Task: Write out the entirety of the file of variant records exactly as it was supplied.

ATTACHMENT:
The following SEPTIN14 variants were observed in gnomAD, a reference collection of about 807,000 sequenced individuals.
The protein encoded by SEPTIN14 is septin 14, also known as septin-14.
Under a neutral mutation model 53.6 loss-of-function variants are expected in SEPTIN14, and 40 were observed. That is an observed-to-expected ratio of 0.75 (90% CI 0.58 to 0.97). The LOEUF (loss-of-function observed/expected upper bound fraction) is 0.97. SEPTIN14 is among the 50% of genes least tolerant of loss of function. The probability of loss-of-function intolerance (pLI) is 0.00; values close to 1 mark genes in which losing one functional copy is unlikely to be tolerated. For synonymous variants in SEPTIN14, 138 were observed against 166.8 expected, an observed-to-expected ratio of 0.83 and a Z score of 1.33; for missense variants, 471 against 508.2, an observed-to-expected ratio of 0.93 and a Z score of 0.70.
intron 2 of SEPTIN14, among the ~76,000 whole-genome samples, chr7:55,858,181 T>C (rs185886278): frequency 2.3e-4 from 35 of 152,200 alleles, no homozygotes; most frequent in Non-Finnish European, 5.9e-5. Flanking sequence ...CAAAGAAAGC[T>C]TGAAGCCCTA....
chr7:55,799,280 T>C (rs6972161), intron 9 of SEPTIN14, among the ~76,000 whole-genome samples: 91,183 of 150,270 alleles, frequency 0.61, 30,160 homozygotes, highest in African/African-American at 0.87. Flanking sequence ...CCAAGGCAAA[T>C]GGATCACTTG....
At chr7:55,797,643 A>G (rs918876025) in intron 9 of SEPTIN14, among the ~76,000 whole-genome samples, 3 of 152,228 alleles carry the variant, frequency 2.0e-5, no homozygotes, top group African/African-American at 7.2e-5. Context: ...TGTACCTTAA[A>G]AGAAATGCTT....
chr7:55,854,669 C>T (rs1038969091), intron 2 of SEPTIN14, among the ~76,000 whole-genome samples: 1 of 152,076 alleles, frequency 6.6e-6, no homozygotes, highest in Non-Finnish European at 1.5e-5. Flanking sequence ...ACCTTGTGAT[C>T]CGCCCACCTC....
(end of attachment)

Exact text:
The following SEPTIN14 variants were observed in gnomAD, a reference collection of about 807,000 sequenced individuals.
The protein encoded by SEPTIN14 is septin 14, also known as septin-14.
Under a neutral mutation model 53.6 loss-of-function variants are expected in SEPTIN14, and 40 were observed. That is an observed-to-expected ratio of 0.75 (90% CI 0.58 to 0.97). The LOEUF (loss-of-function observed/expected upper bound fraction) is 0.97. SEPTIN14 is among the 50% of genes least tolerant of loss of function. The probability of loss-of-function intolerance (pLI) is 0.00; values close to 1 mark genes in which losing one functional copy is unlikely to be tolerated. For synonymous variants in SEPTIN14, 138 were observed against 166.8 expected, an observed-to-expected ratio of 0.83 and a Z score of 1.33; for missense variants, 471 against 508.2, an observed-to-expected ratio of 0.93 and a Z score of 0.70.
intron 2 of SEPTIN14, among the ~76,000 whole-genome samples, chr7:55,858,181 T>C (rs185886278): frequency 2.3e-4 from 35 of 152,200 alleles, no homozygotes; most frequent in Non-Finnish European, 5.9e-5. Flanking sequence ...CAAAGAAAGC[T>C]TGAAGCCCTA....
chr7:55,799,280 T>C (rs6972161), intron 9 of SEPTIN14, among the ~76,000 whole-genome samples: 91,183 of 150,270 alleles, frequency 0.61, 30,160 homozygotes, highest in African/African-American at 0.87. Flanking sequence ...CCAAGGCAAA[T>C]GGATCACTTG....
At chr7:55,797,643 A>G (rs918876025) in intron 9 of SEPTIN14, among the ~76,000 whole-genome samples, 3 of 152,228 alleles carry the variant, frequency 2.0e-5, no homozygotes, top group African/African-American at 7.2e-5. Context: ...TGTACCTTAA[A>G]AGAAATGCTT....
chr7:55,854,669 C>T (rs1038969091), intron 2 of SEPTIN14, among the ~76,000 whole-genome samples: 1 of 152,076 alleles, frequency 6.6e-6, no homozygotes, highest in Non-Finnish European at 1.5e-5. Flanking sequence ...ACCTTGTGAT[C>T]CGCCCACCTC....